Italians today cast their ballots in the second and last day of Italy’s general election, the results of which could well determine how or whether the country escapes its worst recession in 20 years, as well as impact the larger euro zone economy.
So far, snowy weather and a fair dose of disillusion among voters has meant lower turnout. On Sunday, 54% of voters had cast ballots, compared to 63% in 2008. Voting ends at 3 p.m. Italian time and the results will be announced this evening or Tuesday (Feb. 26) morning. In a race that’s been dubbed something of an Italian comedy, or theater of the absurd, the cast of candidates includes includes a professor, a comedian, and Silvio Berlusconi, or il Cavaliere. Here’s what you need to know.
Italians are electing a new government to succeed that formed by former European Union commissioner, Prime Minister Mario Monti (nicknamed in Italian papers il Professor for his background as a technocrat and lack of charisma). Berlusconi appointed Monti in November in 2011 after resigning at the height of the financial crisis, amid corruption scandals. The main coalitions in the race are a center-left bloc led by Pier Luigi Bersani, a centrist coalition headed by Monti, and a center-right coalition led by Berlusconi. (Berlusconi has promised that if his bloc wins, he won’t vy for prime minister but serve instead as finance minister.) An anti-establishment party, the 5-star Movement (M5S), headed by former comedian Beppe Grillo, has made the race more unpredictable by disrupting the traditional divide between the left and the right. Some analysts predict Grillo will take votes away from Berlusconi.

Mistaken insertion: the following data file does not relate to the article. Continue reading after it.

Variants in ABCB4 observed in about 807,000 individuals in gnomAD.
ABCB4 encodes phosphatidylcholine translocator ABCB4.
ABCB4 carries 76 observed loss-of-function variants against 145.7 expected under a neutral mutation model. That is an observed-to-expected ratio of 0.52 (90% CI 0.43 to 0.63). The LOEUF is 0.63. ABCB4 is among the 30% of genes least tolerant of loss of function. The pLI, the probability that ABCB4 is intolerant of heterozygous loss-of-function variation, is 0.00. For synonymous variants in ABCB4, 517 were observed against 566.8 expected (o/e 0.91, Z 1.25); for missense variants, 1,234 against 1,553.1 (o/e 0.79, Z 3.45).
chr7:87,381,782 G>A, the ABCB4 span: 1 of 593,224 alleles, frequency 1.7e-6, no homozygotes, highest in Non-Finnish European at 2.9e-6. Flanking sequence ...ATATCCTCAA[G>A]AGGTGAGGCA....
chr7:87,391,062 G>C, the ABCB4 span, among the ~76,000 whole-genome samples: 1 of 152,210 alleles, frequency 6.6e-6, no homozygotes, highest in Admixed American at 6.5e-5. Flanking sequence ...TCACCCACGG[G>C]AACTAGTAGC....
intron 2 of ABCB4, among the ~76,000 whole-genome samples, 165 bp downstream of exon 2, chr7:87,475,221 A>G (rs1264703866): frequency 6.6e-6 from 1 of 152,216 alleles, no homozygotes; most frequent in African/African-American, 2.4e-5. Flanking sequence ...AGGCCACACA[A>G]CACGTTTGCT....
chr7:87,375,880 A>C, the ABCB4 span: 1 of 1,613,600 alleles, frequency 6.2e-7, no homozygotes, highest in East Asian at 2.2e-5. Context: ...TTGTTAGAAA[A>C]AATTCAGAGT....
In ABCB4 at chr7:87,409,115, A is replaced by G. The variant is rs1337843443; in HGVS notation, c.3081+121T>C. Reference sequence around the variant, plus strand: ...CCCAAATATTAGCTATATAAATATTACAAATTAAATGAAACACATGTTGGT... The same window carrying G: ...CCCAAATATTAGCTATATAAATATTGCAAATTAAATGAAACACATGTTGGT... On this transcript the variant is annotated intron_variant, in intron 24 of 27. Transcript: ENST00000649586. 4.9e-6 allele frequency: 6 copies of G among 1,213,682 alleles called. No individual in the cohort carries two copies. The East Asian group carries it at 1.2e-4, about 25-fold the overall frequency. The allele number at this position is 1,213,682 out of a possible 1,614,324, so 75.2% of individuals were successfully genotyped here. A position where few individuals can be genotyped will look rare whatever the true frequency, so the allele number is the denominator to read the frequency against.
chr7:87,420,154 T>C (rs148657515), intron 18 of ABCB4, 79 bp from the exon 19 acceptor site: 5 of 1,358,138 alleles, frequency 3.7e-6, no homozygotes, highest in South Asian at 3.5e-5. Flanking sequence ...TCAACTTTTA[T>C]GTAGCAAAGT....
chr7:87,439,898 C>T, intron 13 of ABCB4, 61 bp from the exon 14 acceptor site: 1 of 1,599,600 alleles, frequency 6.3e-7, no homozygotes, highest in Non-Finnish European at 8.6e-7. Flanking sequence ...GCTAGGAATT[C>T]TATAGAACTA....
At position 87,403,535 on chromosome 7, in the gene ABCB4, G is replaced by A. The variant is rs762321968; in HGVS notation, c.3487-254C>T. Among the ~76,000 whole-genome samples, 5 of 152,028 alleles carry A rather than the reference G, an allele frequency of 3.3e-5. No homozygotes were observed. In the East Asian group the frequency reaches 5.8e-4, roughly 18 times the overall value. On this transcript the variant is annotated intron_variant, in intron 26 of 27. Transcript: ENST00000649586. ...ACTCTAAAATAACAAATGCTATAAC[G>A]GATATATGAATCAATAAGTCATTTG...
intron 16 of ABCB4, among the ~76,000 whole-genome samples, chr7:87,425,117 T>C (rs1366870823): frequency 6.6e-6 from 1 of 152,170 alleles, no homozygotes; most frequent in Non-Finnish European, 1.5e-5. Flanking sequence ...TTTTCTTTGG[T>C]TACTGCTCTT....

Voters are voting for 315 members of the Senate and 630 members of the Chamber of Deputies. For a coalition to win control of the government, it must have the consent of both houses, but analysts predict it’s unlikely any group will win overwhelmingly, meaning weeks of negotiations will likely follow the election as coalitions form alliances to bolster their ranks.
Italy is the third-biggest economy of the 17-member euro zone currency bloc and analysts fear an electoral stalemate could delay reforms needed to stimulate growth, or that a populist coalition will overturn austerity measures. Some believe the most stable, pro-reform result would be a coalition between Bersani and Monti; Bersani has hinted he would form an alliance with Monti to give his government appeal in financial markets and has also said he would continue Monti’s reforms. Other analysts say that no matter what government comes into power, it knows it will have to stick to a fiscal reform agenda to keep borrowing costs down for Italy.
Before a blackout on the publishing of opinion polls two weeks prior to the election, center-left politician Bersani’s party was ahead of Berlusconi’s by six points. Grillo’s party was in third place, polling at around 16%, and Monti’s party had 14%. The two leading parties are competing the most in areas like Lombardy, a northern industrial hub with the highest number of Senate seats of any region. Berlusconi has an alliance with the federalist Northern League which has traditionally had a stronghold there. This graphic from Reuters shows those opinion polls.
Further complicating results, this is the first winter election Italy has held since World War II, which could favor the center-left whose voters are thought to be more zealous than those on the right. Battleground regions for the Senate could delay election results. These are Lombardy, Campania in the south, Sicily, which has traditionally been the territory of center-right politicians but has swung into Grillo’s camp, and Veneto, another northern industrial region.